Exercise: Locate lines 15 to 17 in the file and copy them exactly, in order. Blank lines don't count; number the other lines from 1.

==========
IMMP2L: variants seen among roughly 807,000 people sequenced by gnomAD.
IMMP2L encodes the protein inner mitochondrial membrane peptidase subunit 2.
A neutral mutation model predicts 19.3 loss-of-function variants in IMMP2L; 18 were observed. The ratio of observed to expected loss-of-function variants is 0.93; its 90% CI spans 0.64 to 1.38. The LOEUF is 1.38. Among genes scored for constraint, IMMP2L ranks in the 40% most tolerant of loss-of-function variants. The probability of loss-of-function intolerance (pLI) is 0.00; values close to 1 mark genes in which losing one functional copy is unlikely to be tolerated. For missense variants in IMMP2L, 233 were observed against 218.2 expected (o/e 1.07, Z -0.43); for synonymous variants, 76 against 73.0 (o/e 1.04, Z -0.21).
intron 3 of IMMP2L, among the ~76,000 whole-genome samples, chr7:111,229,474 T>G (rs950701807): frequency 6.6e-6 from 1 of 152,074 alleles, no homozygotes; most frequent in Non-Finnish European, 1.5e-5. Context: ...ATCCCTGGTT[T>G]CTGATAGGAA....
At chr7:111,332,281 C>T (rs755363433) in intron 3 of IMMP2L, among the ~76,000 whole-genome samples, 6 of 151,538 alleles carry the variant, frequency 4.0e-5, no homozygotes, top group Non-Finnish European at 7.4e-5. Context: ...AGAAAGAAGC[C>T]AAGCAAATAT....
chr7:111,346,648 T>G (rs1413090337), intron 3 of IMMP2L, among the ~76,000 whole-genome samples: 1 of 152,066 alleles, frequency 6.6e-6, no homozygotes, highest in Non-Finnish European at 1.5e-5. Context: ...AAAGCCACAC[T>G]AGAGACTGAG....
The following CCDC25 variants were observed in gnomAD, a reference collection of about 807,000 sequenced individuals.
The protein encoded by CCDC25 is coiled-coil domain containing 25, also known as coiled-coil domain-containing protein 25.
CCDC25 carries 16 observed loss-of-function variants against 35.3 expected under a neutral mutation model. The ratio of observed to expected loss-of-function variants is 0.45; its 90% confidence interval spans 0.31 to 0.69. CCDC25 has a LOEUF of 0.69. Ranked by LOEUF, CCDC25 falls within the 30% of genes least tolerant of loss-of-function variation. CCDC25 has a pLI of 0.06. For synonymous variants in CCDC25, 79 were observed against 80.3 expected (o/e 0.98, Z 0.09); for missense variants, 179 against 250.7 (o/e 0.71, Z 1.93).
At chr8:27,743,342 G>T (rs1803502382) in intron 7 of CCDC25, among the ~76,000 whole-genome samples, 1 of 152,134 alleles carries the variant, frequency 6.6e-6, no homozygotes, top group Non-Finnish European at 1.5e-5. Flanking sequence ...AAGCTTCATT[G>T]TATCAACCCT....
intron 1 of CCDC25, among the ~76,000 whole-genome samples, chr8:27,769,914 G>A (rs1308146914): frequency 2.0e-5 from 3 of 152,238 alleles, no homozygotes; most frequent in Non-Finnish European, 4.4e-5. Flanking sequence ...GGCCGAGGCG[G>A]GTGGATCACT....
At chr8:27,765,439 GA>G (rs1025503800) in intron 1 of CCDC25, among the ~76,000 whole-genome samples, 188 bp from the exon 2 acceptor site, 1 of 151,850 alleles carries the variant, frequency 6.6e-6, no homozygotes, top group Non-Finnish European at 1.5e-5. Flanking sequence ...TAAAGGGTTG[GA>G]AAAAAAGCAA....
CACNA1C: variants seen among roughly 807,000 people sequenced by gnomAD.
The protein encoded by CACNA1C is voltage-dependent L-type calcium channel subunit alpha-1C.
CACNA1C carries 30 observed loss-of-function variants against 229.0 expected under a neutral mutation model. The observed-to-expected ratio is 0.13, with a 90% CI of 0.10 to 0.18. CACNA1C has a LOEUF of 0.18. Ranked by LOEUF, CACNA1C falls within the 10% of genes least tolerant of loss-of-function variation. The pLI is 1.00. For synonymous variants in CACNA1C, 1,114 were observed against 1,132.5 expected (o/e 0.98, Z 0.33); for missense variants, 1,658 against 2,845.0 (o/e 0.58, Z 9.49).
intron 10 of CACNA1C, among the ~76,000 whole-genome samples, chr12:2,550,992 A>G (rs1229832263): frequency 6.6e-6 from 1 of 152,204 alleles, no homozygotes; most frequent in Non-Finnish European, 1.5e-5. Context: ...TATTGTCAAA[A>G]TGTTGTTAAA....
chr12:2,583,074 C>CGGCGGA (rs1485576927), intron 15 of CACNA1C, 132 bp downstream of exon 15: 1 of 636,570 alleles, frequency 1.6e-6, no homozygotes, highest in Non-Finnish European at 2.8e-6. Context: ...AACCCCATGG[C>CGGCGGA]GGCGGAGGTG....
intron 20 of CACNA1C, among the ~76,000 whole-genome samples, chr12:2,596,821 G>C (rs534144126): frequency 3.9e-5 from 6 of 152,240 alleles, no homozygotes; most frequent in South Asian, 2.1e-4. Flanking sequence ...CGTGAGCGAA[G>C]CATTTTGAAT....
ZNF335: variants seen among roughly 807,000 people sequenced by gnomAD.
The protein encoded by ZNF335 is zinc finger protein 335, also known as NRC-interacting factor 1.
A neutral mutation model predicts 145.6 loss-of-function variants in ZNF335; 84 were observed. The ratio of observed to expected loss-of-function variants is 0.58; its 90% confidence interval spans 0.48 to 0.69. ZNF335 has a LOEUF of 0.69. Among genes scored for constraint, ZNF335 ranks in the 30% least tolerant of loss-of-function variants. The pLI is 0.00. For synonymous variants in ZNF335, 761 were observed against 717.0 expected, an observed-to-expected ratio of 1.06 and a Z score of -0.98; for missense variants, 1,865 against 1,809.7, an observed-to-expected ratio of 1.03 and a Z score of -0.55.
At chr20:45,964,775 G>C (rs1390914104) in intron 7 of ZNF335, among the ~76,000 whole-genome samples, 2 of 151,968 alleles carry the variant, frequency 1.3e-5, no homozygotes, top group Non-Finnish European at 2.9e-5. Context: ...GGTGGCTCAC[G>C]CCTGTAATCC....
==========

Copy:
CACNA1C carries 30 observed loss-of-function variants against 229.0 expected under a neutral mutation model. The observed-to-expected ratio is 0.13, with a 90% CI of 0.10 to 0.18. CACNA1C has a LOEUF of 0.18. Ranked by LOEUF, CACNA1C falls within the 10% of genes least tolerant of loss-of-function variation. The pLI is 1.00. For synonymous variants in CACNA1C, 1,114 were observed against 1,132.5 expected (o/e 0.98, Z 0.33); for missense variants, 1,658 against 2,845.0 (o/e 0.58, Z 9.49).
intron 10 of CACNA1C, among the ~76,000 whole-genome samples, chr12:2,550,992 A>G (rs1229832263): frequency 6.6e-6 from 1 of 152,204 alleles, no homozygotes; most frequent in Non-Finnish European, 1.5e-5. Context: ...TATTGTCAAA[A>G]TGTTGTTAAA....
chr12:2,583,074 C>CGGCGGA (rs1485576927), intron 15 of CACNA1C, 132 bp downstream of exon 15: 1 of 636,570 alleles, frequency 1.6e-6, no homozygotes, highest in Non-Finnish European at 2.8e-6. Context: ...AACCCCATGG[C>CGGCGGA]GGCGGAGGTG....